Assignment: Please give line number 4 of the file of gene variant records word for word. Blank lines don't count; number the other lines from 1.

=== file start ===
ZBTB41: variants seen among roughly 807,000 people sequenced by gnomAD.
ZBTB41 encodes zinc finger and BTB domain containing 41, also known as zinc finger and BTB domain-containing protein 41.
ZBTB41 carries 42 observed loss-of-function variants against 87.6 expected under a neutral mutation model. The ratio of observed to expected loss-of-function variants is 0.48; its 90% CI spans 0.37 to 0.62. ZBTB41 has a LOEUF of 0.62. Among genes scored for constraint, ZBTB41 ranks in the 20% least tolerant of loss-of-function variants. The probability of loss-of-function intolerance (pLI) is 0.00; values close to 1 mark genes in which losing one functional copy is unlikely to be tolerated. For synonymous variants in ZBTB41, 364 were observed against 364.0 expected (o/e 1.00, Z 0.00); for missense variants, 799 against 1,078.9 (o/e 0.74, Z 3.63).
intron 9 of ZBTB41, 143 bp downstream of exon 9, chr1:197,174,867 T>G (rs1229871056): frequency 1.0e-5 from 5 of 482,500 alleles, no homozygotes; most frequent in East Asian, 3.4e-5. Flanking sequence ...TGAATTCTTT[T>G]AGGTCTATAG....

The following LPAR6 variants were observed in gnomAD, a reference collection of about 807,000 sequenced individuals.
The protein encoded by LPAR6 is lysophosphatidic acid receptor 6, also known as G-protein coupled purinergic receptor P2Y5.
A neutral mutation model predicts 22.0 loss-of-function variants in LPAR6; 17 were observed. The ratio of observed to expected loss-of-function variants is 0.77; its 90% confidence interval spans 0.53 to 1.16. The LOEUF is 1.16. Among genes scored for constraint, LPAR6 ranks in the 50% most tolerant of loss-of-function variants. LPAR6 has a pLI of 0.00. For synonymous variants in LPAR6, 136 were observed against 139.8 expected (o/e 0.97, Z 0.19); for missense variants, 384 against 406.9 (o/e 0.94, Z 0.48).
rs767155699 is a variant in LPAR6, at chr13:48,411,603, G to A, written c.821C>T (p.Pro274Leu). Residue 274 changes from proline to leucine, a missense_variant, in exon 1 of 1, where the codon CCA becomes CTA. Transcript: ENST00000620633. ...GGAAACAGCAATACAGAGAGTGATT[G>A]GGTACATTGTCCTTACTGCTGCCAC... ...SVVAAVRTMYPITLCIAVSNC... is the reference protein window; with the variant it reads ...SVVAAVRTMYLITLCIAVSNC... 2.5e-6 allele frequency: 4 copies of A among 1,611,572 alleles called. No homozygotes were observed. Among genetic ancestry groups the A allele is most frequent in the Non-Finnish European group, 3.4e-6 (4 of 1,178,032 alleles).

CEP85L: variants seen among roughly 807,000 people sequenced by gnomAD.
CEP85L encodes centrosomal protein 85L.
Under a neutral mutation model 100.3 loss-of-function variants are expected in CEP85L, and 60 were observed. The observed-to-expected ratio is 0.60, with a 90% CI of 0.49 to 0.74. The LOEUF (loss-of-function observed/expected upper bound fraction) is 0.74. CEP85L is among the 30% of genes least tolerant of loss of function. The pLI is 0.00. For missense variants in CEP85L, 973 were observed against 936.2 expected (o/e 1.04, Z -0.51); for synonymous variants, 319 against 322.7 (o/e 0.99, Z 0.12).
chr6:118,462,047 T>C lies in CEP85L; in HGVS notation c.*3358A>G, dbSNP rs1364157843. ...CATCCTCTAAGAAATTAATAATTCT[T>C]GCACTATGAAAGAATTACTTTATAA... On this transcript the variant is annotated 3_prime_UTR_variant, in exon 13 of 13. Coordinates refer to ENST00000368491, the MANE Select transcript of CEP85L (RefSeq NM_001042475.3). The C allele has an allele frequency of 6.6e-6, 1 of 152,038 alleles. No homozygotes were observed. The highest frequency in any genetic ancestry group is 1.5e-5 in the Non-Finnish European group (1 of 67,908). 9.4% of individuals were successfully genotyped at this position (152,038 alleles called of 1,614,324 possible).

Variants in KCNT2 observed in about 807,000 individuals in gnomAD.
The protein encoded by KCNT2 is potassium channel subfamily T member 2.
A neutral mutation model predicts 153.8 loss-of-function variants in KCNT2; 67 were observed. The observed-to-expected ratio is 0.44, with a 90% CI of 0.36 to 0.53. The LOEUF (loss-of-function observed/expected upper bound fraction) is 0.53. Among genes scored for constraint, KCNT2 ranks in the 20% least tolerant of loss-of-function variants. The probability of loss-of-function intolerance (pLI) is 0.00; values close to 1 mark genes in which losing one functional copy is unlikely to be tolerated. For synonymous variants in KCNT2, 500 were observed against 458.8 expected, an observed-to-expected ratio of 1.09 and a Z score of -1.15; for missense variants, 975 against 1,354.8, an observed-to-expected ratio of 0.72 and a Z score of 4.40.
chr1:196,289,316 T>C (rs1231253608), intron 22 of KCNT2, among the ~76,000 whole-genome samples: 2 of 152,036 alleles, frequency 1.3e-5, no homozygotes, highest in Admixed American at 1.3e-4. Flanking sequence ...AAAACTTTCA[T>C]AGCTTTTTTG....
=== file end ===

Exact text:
intron 9 of ZBTB41, 143 bp downstream of exon 9, chr1:197,174,867 T>G (rs1229871056): frequency 1.0e-5 from 5 of 482,500 alleles, no homozygotes; most frequent in East Asian, 3.4e-5. Flanking sequence ...TGAATTCTTT[T>G]AGGTCTATAG....